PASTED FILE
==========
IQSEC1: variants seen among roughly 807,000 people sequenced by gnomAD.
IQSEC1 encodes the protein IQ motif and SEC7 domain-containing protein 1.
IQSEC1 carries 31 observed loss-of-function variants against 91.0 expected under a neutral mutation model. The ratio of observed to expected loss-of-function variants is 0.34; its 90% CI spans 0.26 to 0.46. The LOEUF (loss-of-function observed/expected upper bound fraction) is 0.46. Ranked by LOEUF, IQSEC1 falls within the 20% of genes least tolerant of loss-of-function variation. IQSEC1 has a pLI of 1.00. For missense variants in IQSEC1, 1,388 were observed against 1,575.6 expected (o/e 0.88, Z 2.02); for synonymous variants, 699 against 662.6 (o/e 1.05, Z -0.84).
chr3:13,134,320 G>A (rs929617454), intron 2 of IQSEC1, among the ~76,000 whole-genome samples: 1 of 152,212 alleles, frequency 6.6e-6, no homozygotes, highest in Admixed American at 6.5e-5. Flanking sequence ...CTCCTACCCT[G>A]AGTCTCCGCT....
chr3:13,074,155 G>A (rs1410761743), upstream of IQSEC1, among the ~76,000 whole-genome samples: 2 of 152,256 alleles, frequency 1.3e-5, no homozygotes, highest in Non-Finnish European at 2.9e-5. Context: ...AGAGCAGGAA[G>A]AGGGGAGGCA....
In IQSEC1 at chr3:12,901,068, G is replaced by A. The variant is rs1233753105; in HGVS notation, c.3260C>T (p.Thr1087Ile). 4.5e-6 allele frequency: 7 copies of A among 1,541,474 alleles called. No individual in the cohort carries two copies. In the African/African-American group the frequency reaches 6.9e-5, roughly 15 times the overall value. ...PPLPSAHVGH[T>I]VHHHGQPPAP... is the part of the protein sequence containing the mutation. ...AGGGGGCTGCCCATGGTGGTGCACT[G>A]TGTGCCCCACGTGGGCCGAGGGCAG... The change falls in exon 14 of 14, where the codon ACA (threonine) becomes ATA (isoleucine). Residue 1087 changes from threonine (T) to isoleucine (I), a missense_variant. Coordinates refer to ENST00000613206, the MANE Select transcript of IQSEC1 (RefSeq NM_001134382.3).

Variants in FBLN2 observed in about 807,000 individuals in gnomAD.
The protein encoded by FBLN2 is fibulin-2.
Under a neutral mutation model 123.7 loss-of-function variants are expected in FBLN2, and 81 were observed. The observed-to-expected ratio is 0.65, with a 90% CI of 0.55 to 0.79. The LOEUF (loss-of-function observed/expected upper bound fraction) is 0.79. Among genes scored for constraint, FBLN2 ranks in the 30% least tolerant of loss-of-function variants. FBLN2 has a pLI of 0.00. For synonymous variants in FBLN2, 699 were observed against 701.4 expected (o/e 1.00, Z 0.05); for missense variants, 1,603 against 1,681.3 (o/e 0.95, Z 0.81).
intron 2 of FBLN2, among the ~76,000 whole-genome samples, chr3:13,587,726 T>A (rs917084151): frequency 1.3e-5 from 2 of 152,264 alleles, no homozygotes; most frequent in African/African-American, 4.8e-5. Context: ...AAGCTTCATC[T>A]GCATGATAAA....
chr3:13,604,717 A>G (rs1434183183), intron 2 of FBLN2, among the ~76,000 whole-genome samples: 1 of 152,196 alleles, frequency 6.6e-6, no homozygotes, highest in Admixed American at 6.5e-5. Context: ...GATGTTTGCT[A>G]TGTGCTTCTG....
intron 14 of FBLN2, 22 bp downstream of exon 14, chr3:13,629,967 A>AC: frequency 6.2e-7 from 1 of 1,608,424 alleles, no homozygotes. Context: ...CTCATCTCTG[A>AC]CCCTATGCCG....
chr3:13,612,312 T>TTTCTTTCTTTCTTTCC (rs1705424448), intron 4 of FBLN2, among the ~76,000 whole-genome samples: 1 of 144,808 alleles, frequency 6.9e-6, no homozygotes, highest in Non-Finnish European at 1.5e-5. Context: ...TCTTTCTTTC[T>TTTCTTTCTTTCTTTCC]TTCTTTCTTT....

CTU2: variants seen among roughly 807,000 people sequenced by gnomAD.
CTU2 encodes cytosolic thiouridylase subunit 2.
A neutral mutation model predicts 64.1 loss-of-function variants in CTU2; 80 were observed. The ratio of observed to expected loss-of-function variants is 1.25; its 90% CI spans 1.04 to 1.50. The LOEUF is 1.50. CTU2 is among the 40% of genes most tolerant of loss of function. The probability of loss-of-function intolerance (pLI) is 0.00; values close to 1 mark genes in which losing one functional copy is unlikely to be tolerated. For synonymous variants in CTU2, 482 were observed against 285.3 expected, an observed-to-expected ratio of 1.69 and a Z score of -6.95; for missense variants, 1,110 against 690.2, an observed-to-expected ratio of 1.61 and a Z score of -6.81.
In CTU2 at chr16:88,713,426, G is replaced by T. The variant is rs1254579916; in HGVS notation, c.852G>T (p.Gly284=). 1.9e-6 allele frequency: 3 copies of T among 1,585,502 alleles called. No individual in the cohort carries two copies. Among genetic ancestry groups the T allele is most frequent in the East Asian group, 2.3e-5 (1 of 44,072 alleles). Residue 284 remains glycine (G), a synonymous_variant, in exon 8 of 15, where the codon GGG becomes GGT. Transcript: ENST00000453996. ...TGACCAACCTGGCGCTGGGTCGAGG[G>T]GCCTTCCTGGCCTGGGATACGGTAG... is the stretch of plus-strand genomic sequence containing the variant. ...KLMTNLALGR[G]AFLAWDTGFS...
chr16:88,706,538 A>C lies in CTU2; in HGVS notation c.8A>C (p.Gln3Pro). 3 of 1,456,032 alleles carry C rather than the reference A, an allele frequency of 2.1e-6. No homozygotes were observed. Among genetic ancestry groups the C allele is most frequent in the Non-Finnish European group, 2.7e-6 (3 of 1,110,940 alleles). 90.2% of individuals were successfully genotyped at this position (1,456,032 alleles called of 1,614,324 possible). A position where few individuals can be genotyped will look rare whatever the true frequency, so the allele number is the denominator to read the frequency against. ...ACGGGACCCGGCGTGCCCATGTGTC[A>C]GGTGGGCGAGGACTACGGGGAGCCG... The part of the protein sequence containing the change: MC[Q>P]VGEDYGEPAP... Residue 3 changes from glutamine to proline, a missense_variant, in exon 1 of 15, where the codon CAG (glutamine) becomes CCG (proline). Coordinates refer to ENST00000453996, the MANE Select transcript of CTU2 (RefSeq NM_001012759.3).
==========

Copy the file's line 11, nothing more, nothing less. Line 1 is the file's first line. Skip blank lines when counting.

chr3:13,604,717 A>G (rs1434183183), intron 2 of FBLN2, among the ~76,000 whole-genome samples: 1 of 152,196 alleles, frequency 6.6e-6, no homozygotes, highest in Admixed American at 6.5e-5. Context: ...GATGTTTGCT[A>G]TGTGCTTCTG....